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Postby Mulder-21 » 2007-12-27, 5:20

Hunef wrote:Alphabet (revised proposition):
    a à b d ð e è f g h i ì j k l ł ļ m n o ò p r ŗ s t u ù v y ỳ ø á ei ou øy


Although I love the various exotic diacritics, like in this case ļ and ŗ, wouldn't it be easier from a technological POV to use ĺ and ŕ instead, since you're not using acutes anyway, except for á which you've recently added? And yes, I am aware of the possible problem it might introduce, since it is/can be hard to differentiate between ł and ĺ in handwriting, but then again Slovaks differentiate between ĺ and ľ without too many problems.
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Postby Aleco » 2007-12-27, 11:02

I use ĺ for my dialect btw ;)

I'd say it's harder to distinguish ł with t written :?
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Postby Mulder-21 » 2007-12-27, 15:05

Well, there's always ľ and ř too.
Gløgt er gestsins eyga. (Føroyskt orðafelli)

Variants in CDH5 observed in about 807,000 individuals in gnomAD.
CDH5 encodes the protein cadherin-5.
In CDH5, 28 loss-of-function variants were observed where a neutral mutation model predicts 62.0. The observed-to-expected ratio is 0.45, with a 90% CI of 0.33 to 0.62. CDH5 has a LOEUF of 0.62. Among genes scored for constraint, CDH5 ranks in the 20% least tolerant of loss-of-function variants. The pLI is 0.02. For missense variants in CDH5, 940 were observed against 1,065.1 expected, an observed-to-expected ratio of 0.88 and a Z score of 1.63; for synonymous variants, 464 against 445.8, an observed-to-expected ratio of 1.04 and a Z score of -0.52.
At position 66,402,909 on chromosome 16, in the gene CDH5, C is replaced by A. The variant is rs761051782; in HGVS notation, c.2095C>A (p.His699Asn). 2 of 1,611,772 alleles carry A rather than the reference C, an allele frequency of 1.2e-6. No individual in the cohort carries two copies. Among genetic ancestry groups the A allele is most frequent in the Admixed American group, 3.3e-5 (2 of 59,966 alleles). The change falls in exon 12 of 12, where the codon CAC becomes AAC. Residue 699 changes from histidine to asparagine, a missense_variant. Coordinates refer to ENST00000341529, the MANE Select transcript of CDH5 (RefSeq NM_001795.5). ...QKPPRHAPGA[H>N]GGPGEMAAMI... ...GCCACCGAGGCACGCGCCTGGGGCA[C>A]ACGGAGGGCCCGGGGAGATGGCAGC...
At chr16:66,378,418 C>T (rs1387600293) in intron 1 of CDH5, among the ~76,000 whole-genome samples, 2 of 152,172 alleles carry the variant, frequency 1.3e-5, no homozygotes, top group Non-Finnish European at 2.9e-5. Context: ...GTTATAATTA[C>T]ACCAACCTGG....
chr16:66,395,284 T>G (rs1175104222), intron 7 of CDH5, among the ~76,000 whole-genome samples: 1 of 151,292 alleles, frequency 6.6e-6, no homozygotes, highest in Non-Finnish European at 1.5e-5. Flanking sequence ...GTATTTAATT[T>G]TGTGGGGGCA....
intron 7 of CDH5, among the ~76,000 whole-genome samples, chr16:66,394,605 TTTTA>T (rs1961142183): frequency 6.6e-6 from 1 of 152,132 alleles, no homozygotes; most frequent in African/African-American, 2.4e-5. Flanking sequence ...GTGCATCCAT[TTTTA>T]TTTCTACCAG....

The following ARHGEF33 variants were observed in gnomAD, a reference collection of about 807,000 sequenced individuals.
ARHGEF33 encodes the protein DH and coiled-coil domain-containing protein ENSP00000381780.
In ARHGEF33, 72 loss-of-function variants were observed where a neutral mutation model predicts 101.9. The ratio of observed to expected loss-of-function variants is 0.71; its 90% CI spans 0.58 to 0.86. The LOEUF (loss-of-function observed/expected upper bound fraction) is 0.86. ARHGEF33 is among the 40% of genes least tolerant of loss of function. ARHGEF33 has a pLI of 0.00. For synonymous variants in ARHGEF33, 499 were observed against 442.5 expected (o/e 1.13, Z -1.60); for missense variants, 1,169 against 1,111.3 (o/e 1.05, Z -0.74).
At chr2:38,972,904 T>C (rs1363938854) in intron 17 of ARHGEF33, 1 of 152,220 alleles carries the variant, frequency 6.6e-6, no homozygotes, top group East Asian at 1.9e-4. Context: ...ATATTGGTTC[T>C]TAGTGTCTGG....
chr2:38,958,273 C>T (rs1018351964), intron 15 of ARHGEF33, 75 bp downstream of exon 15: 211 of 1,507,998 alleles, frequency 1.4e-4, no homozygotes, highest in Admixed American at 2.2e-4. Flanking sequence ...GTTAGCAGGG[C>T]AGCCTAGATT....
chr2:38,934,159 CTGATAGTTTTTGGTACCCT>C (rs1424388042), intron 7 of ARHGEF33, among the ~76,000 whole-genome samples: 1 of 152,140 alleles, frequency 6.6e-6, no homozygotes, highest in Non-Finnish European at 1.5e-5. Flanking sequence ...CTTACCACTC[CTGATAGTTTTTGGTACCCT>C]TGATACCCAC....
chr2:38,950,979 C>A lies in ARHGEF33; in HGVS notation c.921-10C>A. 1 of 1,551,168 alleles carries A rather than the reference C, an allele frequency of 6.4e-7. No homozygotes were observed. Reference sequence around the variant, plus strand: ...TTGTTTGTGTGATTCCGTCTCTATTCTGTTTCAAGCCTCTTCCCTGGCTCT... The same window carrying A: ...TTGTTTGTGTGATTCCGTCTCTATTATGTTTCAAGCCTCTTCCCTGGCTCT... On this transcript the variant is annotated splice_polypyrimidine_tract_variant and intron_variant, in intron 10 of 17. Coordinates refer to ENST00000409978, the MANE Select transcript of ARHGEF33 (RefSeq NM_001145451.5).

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L'occhio dell'ospite è acuto. (Proverbio faroico)
Hosťovo oko je múdre. (Faerské uslovie)

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Postby Aszev » 2007-12-27, 15:26

Är inte utbredningen av tunt og tjockt l förutsägbart dock? Det finns väl någon regel för hvar de förekommer, og i sådana fall behövs ju inte någon diakrit för dem (om du inte vill ha det i rent utbildningssyfte, för att visa rikssvenskarna :P).

Samma fråga för det frikativa l:et. Om jag inte misstar mig förekommer det bara i anslutning till s og t? Om det inte finns "vanliga" l i de positionerna behöver du ju inte heller märka ut detta ljud på något särskilt sätt.

Sedan undrar jag også hvad ŗ är tänkt att stå för?

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Postby Hunef » 2007-12-27, 17:14

Mulder-21 wrote:
Hunef wrote:Alphabet (revised proposition):
    a à b d ð e è f g h i ì j k l ł ļ m n o ò p r ŗ s t u ù v y ỳ ø á ei ou øy


Although I love the various exotic diacritics, like in this case ļ and ŗ, wouldn't it be easier from a technological POV to use ĺ and ŕ instead, since you're not using acutes anyway, except for á which you've recently added?

Different phenomena require different treatments. In this case, á denotes and old long vowel, while ļ and ŗ denote voiceless consonants, not old long consonants.

The main reason I have rejected ĺ and ŕ is the fact that putting an acute on top of l looks really terrible. I felt it needed a diacritic underneath instead. The diacritic on r must be the same, of course.
But the fact that some geniuses were laughed at does not imply that all who are laughed at are geniuses. They laughed at Columbus, they laughed at Fulton, they laughed at the Wright Brothers. But they also laughed at Bozo the Clown.